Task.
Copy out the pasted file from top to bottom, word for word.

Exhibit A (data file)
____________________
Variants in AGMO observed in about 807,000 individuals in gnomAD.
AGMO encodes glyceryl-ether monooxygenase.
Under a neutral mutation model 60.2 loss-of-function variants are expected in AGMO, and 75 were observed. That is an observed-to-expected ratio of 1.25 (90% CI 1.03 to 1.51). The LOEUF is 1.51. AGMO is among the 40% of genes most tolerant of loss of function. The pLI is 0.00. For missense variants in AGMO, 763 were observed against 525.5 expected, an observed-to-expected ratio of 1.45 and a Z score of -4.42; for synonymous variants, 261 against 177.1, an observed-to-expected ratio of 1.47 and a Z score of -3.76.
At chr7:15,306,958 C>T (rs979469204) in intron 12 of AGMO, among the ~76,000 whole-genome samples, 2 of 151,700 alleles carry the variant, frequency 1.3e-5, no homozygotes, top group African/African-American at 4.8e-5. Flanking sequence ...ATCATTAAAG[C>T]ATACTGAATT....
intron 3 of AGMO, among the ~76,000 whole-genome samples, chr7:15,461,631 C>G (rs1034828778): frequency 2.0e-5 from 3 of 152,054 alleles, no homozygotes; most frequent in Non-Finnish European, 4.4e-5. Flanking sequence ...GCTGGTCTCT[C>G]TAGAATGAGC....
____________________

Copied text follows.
Variants in AGMO observed in about 807,000 individuals in gnomAD.
AGMO encodes glyceryl-ether monooxygenase.
Under a neutral mutation model 60.2 loss-of-function variants are expected in AGMO, and 75 were observed. That is an observed-to-expected ratio of 1.25 (90% CI 1.03 to 1.51). The LOEUF is 1.51. AGMO is among the 40% of genes most tolerant of loss of function. The pLI is 0.00. For missense variants in AGMO, 763 were observed against 525.5 expected, an observed-to-expected ratio of 1.45 and a Z score of -4.42; for synonymous variants, 261 against 177.1, an observed-to-expected ratio of 1.47 and a Z score of -3.76.
At chr7:15,306,958 C>T (rs979469204) in intron 12 of AGMO, among the ~76,000 whole-genome samples, 2 of 151,700 alleles carry the variant, frequency 1.3e-5, no homozygotes, top group African/African-American at 4.8e-5. Flanking sequence ...ATCATTAAAG[C>T]ATACTGAATT....
intron 3 of AGMO, among the ~76,000 whole-genome samples, chr7:15,461,631 C>G (rs1034828778): frequency 2.0e-5 from 3 of 152,054 alleles, no homozygotes; most frequent in Non-Finnish European, 4.4e-5. Flanking sequence ...GCTGGTCTCT[C>G]TAGAATGAGC....